What is wrong with these groups? They constantly fail to understand the separation of federal funds and political endorsement. Funding should be yanked immediately for any group that mixes the two.
Lately, stories of politics and flu vaccinations have led newscasts and dominated front pages of newspapers - but now a federally funded group finds itself in a mess after mixing the two.
Carolina Medical Review, a Columbia-based group that gets federal money to promote immunizations, sent bulk mail to six of South Carolina's poorest counties earlier this month promoting its "Vaccinate & Vote" program.
The mailing encourages people to get flu shots on Nov. 2 and says "flu shots will be given in your county on Election Day. ... You don't have to vote to get a vaccine, and you don't have to get a vaccine to vote."
The mailing "borderlines on despicable," state Republican Party Chairman Katon Dawson said Tuesday.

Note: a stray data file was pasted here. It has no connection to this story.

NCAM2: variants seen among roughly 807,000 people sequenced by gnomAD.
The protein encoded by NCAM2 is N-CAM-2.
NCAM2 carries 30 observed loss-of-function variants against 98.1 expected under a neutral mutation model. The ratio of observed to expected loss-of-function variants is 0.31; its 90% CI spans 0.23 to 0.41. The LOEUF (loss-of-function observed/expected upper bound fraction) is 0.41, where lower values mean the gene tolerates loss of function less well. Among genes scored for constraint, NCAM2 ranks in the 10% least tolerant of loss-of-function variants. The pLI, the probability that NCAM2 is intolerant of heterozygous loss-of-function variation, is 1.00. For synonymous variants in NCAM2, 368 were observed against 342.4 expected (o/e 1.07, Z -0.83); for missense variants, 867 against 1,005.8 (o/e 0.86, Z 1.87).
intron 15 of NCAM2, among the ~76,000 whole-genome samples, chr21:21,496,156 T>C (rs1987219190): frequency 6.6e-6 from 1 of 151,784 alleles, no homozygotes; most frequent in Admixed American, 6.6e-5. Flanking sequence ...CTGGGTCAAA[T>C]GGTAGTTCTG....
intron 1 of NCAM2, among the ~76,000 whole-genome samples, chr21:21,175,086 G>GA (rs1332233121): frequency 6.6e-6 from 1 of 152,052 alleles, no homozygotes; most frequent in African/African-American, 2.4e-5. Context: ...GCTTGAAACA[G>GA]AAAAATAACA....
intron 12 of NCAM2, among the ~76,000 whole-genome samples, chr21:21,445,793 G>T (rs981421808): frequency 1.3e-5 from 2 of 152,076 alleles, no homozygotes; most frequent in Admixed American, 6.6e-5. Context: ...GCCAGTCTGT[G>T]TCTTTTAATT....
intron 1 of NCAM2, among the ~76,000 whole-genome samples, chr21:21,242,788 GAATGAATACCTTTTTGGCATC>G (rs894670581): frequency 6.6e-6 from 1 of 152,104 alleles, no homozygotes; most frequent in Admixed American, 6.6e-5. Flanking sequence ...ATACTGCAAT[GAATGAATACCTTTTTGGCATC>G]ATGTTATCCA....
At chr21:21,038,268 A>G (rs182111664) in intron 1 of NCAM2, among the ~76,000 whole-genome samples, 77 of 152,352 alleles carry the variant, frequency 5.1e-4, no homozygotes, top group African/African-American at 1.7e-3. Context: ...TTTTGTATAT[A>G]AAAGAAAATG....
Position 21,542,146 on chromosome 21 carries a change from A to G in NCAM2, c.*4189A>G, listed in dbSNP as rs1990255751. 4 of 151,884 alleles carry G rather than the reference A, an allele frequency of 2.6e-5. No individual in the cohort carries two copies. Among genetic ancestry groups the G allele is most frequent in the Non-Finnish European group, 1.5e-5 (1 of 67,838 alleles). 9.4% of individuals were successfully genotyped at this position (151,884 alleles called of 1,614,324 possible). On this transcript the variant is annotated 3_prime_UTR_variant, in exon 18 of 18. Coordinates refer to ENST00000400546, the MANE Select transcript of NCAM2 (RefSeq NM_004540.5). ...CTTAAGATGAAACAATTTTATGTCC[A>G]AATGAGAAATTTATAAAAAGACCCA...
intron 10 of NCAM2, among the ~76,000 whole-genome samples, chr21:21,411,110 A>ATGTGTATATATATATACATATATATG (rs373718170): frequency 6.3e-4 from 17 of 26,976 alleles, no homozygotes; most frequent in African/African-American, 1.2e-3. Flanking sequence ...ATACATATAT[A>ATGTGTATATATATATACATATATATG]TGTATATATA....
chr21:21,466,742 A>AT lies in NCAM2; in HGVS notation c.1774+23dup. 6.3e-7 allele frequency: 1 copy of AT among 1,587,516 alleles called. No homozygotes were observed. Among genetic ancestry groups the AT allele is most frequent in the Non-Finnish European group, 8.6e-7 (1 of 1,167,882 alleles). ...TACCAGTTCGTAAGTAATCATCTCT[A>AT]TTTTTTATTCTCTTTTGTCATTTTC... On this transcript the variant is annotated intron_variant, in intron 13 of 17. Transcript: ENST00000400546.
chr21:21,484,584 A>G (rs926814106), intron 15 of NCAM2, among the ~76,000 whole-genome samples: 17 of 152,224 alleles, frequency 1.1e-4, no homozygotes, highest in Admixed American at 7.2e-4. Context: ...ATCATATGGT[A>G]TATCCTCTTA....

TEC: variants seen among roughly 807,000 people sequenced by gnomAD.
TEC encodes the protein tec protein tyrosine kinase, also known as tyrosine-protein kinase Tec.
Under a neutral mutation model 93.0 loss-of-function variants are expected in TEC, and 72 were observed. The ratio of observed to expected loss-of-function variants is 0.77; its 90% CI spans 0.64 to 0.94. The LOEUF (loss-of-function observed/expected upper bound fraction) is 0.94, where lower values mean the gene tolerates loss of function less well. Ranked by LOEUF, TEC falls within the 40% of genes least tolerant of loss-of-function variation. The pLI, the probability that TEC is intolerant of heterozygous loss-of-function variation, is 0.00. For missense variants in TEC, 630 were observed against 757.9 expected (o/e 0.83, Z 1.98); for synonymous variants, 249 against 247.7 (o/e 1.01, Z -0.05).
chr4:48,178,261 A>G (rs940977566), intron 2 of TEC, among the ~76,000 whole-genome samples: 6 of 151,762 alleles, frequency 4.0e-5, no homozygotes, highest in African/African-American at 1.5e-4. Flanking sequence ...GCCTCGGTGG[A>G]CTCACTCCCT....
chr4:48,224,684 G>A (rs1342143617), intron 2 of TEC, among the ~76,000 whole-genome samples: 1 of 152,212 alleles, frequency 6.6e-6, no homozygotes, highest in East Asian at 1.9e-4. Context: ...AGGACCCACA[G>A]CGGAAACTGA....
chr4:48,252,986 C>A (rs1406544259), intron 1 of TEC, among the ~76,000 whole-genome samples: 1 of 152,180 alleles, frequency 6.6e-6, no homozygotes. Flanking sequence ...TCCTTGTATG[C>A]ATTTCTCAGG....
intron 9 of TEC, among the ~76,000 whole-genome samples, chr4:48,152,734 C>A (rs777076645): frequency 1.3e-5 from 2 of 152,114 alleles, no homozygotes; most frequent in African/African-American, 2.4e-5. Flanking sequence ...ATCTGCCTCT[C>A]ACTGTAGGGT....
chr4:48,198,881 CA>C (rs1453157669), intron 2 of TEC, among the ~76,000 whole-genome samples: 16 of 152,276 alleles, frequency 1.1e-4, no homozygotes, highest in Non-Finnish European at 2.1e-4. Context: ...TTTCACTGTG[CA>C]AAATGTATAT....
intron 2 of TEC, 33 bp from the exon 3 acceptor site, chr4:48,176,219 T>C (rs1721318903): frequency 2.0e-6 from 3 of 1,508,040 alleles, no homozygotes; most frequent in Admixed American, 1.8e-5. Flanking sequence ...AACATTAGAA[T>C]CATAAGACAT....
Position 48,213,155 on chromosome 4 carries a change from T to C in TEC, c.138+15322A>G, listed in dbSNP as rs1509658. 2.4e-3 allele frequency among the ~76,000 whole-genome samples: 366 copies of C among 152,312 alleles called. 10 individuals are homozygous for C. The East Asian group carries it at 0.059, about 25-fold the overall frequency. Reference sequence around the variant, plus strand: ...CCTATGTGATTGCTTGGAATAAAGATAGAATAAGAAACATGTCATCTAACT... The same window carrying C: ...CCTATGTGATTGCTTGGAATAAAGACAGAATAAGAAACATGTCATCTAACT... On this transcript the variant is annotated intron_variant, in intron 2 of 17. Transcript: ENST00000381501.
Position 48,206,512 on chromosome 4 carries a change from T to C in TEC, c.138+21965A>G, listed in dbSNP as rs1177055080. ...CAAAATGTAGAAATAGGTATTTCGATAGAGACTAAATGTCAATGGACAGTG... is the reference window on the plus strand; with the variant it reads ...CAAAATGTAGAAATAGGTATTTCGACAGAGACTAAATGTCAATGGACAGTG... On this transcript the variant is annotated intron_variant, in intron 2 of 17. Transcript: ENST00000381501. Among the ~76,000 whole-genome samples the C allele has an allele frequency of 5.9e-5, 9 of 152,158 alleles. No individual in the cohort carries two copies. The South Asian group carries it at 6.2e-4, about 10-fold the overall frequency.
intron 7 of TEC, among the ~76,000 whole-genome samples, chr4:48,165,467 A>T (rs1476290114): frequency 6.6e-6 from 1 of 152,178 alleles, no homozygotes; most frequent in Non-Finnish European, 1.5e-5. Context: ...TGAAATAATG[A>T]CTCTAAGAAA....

The notices went out Oct. 1 to 46,000 Medicare recipients in six rural counties that federal data show have low rates of flu vaccination.
"The insinuation is that 'Come on and vote, and we'll vaccinate you for the flu.' That, in the electoral process, to me, just reeks of irresponsibility and certainly seems politically motivated to me," Dawson said.
John Kirkland, 73, of Bamberg said he received one of the mailings about 10 days ago. He questioned the legality of using vaccinations as an incentive for voting. "I hope somebody is investigating it," he said.
Hat tip: Backcountry Conservative
I didn't see an endorsement in the article anywhere... just the targeted counties could be construed as being going after the tradional Democratic base. Even if it were sent to other counties it could also be a factor in causing people to be ticked off when they show up to the polls and can't get a shot.
Posted by: Jeff on October 21, 2004 12:36 PM